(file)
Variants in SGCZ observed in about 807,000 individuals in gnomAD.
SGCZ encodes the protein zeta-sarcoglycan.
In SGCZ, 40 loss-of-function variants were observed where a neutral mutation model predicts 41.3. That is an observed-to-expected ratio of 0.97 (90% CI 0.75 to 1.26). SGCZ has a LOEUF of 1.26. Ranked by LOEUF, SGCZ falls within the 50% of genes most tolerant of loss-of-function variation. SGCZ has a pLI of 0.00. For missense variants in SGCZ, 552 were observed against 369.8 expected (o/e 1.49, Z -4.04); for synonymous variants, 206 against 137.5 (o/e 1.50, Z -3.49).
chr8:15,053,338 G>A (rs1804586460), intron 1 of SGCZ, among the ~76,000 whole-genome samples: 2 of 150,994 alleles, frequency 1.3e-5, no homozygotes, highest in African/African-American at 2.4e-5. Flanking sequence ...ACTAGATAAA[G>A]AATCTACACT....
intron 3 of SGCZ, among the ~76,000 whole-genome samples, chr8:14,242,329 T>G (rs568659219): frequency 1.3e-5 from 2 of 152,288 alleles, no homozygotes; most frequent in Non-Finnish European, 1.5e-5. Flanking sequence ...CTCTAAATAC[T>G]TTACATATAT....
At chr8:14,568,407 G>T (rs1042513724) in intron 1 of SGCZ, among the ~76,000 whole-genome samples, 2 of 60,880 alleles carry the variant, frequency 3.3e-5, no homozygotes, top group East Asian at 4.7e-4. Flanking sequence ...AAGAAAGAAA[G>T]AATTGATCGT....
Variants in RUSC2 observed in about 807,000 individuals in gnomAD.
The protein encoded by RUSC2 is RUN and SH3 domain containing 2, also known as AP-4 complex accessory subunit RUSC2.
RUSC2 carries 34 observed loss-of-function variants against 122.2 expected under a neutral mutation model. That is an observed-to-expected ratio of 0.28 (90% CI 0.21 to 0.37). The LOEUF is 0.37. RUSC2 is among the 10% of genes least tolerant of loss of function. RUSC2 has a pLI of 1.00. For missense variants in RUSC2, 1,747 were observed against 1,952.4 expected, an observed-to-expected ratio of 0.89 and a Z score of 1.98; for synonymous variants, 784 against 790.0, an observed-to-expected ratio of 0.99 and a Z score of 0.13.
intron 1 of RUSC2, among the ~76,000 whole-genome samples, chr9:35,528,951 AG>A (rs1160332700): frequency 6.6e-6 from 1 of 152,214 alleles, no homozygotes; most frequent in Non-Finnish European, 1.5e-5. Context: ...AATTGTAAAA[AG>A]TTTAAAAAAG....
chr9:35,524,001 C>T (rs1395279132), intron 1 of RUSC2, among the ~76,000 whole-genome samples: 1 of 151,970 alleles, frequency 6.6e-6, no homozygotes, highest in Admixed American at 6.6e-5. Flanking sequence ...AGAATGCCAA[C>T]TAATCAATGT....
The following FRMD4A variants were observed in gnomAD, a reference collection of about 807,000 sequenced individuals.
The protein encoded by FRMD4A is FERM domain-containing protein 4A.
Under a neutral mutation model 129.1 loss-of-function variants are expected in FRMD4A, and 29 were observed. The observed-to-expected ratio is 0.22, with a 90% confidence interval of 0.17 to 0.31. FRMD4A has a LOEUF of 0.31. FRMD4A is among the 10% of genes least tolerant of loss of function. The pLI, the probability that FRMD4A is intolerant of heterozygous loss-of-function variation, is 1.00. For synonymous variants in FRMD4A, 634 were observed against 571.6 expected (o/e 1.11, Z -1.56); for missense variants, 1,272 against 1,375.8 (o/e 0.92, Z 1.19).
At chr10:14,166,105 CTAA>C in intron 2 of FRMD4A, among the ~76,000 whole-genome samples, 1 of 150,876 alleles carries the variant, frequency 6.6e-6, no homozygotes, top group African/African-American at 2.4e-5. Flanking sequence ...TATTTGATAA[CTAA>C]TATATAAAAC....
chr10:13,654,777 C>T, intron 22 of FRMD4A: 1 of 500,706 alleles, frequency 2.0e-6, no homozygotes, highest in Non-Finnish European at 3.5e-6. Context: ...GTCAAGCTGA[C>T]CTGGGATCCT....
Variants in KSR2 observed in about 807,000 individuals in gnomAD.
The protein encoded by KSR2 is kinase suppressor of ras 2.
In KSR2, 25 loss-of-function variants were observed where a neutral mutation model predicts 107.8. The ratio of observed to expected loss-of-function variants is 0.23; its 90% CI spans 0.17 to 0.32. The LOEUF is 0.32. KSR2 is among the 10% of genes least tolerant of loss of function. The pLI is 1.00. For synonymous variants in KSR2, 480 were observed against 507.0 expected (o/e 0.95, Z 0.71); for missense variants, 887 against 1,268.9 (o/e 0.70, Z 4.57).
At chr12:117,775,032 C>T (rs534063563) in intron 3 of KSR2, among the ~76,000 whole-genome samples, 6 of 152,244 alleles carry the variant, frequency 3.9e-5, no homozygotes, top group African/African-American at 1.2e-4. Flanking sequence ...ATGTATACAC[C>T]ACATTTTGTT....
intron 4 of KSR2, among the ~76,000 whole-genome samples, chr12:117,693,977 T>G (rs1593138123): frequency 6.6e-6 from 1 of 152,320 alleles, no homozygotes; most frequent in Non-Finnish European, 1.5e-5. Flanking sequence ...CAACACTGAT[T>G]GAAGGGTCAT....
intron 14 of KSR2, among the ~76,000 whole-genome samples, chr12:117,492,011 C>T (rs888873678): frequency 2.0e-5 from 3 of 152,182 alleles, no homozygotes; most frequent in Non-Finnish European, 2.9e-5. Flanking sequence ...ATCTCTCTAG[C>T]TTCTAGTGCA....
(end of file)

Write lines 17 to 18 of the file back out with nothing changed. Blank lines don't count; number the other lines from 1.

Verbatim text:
Variants in KSR2 observed in about 807,000 individuals in gnomAD.
The protein encoded by KSR2 is kinase suppressor of ras 2.